Last night, I gave a talk at Pembroke College as part of Cambridge Hub’s Michaelmas Series. The topic was censorship.
This morning, I woke up and saw that the headline story in The Times is Jo Johnson, the Secretary of State for Education, wanting to “guarantee free speech” at universities.
It is worth noting there is already a law that ensures freedom of speech at universities, but it would seem that Johnson wants even more extreme guarantees. The existing law is not invoked or referenced when we have one of the regular fusses about high-profile figures having their right to free speech violated. That is because they are not being censored.
Despite existing free-speech laws, there is already quite a bit of censorship at our Universities, and it comes from two sources. Neither form is good, and neither should be extended. Paradoxically, increasing the latter of these two forms of censorship is precisely what Johnson’s proposals will do.
The first is the PREVENT duty. That duty is supposed to target all extremism that leads to terrorism. Controversially, it usually ends up targeting Islamic and other non-white forms of extremism. In a university context, it is used to question room bookings and the nature of invited speakers. I doubt Islamic societies at universities will be welcoming Johnson’s statement today. It is unlikely the duty will be relaxed in support of “free speech”.
The other source is the de-facto censorship of students and student protest against influential media figures.
Wikipedia says censorship is “the suppression of speech, public communication, or other information”. I have mentioned PREVENT, and there’s no doubt that duty involves censorship even if there is disagreement over the desirability of PREVENT overall. China censoring WeChat is an example of that most in the West would regard as negative, and we have also seen cases within LGBT+ communities of censorship gone wrong with unintended consequences.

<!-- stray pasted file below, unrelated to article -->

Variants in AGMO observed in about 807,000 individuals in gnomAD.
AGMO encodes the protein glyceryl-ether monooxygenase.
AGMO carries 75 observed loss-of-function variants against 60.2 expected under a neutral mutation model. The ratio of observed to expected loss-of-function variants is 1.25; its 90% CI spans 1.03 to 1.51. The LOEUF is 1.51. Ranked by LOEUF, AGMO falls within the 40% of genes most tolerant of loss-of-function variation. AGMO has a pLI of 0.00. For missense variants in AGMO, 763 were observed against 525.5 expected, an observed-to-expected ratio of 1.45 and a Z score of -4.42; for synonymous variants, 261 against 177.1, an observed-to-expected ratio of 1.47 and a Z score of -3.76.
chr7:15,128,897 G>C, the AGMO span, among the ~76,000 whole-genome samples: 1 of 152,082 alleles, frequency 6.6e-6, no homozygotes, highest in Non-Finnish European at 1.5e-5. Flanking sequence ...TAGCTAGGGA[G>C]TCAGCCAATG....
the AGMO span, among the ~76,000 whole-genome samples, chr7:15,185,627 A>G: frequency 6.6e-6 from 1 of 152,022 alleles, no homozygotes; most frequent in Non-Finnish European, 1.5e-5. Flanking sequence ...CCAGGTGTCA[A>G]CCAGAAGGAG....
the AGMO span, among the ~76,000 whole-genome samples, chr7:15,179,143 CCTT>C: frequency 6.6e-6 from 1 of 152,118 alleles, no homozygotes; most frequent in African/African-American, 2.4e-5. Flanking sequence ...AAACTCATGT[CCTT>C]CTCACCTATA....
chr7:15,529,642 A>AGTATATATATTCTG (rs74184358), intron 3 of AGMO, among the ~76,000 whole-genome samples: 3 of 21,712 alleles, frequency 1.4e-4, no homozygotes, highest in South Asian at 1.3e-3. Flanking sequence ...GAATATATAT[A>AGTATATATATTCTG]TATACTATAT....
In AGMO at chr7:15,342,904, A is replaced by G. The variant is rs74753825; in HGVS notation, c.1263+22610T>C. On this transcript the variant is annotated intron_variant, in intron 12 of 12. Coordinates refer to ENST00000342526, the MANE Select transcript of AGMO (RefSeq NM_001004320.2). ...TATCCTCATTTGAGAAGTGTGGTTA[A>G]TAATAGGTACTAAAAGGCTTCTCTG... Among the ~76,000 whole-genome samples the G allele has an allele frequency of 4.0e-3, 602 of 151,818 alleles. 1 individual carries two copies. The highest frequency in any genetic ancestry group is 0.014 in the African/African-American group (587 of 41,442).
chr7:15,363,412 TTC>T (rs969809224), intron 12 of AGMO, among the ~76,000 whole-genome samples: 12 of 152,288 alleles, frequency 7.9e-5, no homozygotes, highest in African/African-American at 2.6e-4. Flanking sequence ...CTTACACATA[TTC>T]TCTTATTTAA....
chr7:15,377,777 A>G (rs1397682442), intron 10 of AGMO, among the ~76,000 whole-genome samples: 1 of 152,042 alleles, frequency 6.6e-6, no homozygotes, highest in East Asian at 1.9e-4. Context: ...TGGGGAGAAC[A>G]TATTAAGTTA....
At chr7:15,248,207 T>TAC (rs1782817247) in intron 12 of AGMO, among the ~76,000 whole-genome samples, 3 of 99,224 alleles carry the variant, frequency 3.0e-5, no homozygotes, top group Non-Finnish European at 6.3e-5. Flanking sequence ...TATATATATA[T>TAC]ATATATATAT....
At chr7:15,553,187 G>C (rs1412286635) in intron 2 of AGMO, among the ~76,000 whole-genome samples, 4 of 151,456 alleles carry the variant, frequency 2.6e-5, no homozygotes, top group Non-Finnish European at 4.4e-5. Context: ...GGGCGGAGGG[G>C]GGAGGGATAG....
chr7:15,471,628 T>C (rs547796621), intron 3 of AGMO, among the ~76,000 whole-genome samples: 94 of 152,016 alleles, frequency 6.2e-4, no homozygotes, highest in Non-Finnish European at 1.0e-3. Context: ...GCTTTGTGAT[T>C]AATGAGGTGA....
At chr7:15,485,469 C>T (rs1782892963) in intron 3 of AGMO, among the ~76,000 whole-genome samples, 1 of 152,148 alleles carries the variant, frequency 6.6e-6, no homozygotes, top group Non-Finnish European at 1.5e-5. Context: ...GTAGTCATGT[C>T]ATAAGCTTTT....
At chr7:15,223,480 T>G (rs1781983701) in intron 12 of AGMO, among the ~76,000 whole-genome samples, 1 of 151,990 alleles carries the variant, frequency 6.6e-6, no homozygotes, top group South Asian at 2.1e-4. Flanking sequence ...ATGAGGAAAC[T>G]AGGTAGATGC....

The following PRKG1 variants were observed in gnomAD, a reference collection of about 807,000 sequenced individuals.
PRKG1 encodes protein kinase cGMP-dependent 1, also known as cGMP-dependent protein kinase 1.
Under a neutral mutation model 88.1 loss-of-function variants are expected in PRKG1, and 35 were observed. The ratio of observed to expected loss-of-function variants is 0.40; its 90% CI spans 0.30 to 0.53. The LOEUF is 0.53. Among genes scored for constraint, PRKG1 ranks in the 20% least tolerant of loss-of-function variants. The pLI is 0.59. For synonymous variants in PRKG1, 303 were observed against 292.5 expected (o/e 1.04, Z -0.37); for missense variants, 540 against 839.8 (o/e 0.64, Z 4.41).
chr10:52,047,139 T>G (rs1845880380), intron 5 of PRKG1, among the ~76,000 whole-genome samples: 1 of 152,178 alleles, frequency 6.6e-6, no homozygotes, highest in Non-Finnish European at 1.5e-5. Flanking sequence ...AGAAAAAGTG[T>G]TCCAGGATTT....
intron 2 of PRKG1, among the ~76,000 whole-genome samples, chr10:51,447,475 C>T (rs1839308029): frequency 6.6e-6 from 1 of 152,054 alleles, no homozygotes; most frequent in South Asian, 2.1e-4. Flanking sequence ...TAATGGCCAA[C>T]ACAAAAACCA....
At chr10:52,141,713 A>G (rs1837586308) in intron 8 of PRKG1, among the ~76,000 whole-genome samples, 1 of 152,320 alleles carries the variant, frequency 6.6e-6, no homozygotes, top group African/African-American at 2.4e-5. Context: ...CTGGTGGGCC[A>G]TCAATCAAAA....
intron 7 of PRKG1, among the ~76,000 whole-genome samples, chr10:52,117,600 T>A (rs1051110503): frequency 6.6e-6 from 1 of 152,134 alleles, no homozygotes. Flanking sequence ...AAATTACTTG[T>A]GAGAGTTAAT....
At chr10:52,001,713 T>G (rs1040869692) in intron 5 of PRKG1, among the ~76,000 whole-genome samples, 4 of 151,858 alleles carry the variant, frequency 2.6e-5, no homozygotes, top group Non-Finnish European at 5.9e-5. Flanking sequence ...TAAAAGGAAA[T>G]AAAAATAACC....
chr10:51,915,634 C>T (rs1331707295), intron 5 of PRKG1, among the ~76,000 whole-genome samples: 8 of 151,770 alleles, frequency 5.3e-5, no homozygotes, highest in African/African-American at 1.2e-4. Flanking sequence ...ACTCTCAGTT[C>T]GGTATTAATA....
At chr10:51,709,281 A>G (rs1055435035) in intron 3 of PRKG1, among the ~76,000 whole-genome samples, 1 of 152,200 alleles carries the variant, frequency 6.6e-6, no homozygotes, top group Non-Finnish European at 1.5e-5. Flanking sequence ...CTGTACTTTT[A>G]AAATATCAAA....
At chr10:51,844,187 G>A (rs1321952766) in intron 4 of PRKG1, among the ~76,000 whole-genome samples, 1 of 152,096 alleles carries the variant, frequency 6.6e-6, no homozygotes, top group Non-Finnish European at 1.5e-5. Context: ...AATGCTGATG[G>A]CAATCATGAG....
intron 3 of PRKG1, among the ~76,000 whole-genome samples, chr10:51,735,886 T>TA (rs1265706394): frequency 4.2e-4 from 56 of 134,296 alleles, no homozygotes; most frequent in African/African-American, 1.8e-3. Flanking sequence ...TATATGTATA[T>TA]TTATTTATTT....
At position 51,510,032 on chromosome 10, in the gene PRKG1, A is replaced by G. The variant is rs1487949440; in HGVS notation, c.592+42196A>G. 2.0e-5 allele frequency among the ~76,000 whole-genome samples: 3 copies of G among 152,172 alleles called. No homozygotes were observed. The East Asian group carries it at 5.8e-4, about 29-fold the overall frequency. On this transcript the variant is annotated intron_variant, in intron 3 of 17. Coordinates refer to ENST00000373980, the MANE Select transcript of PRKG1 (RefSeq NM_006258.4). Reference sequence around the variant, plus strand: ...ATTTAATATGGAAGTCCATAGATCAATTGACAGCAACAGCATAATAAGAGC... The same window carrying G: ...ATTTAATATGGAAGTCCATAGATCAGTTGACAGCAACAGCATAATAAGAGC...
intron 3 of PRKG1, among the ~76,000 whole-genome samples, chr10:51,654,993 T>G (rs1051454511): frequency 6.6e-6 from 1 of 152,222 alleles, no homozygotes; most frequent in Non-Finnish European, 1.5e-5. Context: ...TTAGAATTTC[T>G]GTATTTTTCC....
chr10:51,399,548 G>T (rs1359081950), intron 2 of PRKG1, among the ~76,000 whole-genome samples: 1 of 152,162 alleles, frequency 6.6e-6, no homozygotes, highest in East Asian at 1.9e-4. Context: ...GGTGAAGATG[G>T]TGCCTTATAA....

There is a common theme in those cases. Positive or negative and deliberate or accidental, it is those with power doing the suppression.
What is not censorship is selling only eight tickets to an event and having the venue cancel, as happened to Kate Smurthwaite. Smirthwaite seems to believe “free speech” means she can demand people listen and that venues give her a free platform. Consequently, she used her media contacts and influence to spin a story about how students were suppressing her free speech. The publication of her ideas was undoubtedly not restricted as a result. Quite to the contrary, the resulting media fuss and claims to martyrdom at the altar of free speech gave her an even more prominent platform.
Peter Tatchell was not censored when a student learnt he was due to speak at the same event as her and pulled out. She did not want to share a platform with someone she believed is racist and transphobic. Her withdrawal was not public, but Tatchell’s outrage at being unable to demand the energy of someone less powerful was. He used every possible media outlet he could muster to denigrate her.
A particular shout out needs to go to Julie Bindel at this point, who has repeatedly claimed to be censored herself but has just resorted to issuing legal threats against Brooke Magnanti, a.k.a. Belle De Jour. It is not surprising that Bindel’s claims have not received any media coverage condemning her attempts at silencing. There is a common theme running through these claims of censorship against media figures. Allegations are always targeted at those with less power.